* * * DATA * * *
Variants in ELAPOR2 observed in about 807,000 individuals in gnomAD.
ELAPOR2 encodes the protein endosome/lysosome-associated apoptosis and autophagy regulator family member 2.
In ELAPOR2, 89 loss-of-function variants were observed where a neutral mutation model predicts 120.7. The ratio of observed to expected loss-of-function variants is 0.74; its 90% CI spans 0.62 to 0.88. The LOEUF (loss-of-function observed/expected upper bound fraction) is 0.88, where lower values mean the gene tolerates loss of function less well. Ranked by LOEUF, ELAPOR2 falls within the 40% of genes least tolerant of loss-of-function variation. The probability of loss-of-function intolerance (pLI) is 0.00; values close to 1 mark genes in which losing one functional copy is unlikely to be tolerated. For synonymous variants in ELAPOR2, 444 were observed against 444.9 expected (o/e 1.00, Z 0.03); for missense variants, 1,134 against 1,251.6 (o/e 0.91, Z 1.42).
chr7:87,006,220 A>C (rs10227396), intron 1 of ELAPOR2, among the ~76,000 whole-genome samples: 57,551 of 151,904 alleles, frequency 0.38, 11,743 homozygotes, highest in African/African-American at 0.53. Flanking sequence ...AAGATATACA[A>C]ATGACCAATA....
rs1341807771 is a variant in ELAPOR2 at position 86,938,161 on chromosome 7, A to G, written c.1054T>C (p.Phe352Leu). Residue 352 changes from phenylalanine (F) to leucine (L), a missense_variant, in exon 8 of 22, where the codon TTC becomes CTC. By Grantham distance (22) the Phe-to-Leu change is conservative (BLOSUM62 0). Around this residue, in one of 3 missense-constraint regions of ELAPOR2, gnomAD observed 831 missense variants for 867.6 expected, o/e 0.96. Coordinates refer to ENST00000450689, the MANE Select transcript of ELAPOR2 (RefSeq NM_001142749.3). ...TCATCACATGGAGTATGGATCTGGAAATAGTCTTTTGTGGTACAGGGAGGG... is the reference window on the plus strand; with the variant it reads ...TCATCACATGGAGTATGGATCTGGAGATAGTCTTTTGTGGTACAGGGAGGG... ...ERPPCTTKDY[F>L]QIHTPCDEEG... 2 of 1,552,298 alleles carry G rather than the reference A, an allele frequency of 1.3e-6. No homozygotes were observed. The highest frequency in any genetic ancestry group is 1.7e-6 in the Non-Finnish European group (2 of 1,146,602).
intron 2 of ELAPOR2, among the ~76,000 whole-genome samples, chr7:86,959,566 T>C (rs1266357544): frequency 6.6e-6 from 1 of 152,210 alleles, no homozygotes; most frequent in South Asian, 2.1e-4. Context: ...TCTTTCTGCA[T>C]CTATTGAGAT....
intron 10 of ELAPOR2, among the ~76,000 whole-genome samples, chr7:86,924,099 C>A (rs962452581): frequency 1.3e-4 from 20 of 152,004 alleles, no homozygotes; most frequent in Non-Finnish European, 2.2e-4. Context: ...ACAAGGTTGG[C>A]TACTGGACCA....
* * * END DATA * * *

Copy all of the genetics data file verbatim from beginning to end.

Variants in ELAPOR2 observed in about 807,000 individuals in gnomAD.
ELAPOR2 encodes the protein endosome/lysosome-associated apoptosis and autophagy regulator family member 2.
In ELAPOR2, 89 loss-of-function variants were observed where a neutral mutation model predicts 120.7. The ratio of observed to expected loss-of-function variants is 0.74; its 90% CI spans 0.62 to 0.88. The LOEUF (loss-of-function observed/expected upper bound fraction) is 0.88, where lower values mean the gene tolerates loss of function less well. Ranked by LOEUF, ELAPOR2 falls within the 40% of genes least tolerant of loss-of-function variation. The probability of loss-of-function intolerance (pLI) is 0.00; values close to 1 mark genes in which losing one functional copy is unlikely to be tolerated. For synonymous variants in ELAPOR2, 444 were observed against 444.9 expected (o/e 1.00, Z 0.03); for missense variants, 1,134 against 1,251.6 (o/e 0.91, Z 1.42).
chr7:87,006,220 A>C (rs10227396), intron 1 of ELAPOR2, among the ~76,000 whole-genome samples: 57,551 of 151,904 alleles, frequency 0.38, 11,743 homozygotes, highest in African/African-American at 0.53. Flanking sequence ...AAGATATACA[A>C]ATGACCAATA....
rs1341807771 is a variant in ELAPOR2 at position 86,938,161 on chromosome 7, A to G, written c.1054T>C (p.Phe352Leu). Residue 352 changes from phenylalanine (F) to leucine (L), a missense_variant, in exon 8 of 22, where the codon TTC becomes CTC. By Grantham distance (22) the Phe-to-Leu change is conservative (BLOSUM62 0). Around this residue, in one of 3 missense-constraint regions of ELAPOR2, gnomAD observed 831 missense variants for 867.6 expected, o/e 0.96. Coordinates refer to ENST00000450689, the MANE Select transcript of ELAPOR2 (RefSeq NM_001142749.3). ...TCATCACATGGAGTATGGATCTGGAAATAGTCTTTTGTGGTACAGGGAGGG... is the reference window on the plus strand; with the variant it reads ...TCATCACATGGAGTATGGATCTGGAGATAGTCTTTTGTGGTACAGGGAGGG... ...ERPPCTTKDY[F>L]QIHTPCDEEG... 2 of 1,552,298 alleles carry G rather than the reference A, an allele frequency of 1.3e-6. No homozygotes were observed. The highest frequency in any genetic ancestry group is 1.7e-6 in the Non-Finnish European group (2 of 1,146,602).
intron 2 of ELAPOR2, among the ~76,000 whole-genome samples, chr7:86,959,566 T>C (rs1266357544): frequency 6.6e-6 from 1 of 152,210 alleles, no homozygotes; most frequent in South Asian, 2.1e-4. Context: ...TCTTTCTGCA[T>C]CTATTGAGAT....
intron 10 of ELAPOR2, among the ~76,000 whole-genome samples, chr7:86,924,099 C>A (rs962452581): frequency 1.3e-4 from 20 of 152,004 alleles, no homozygotes; most frequent in Non-Finnish European, 2.2e-4. Context: ...ACAAGGTTGG[C>A]TACTGGACCA....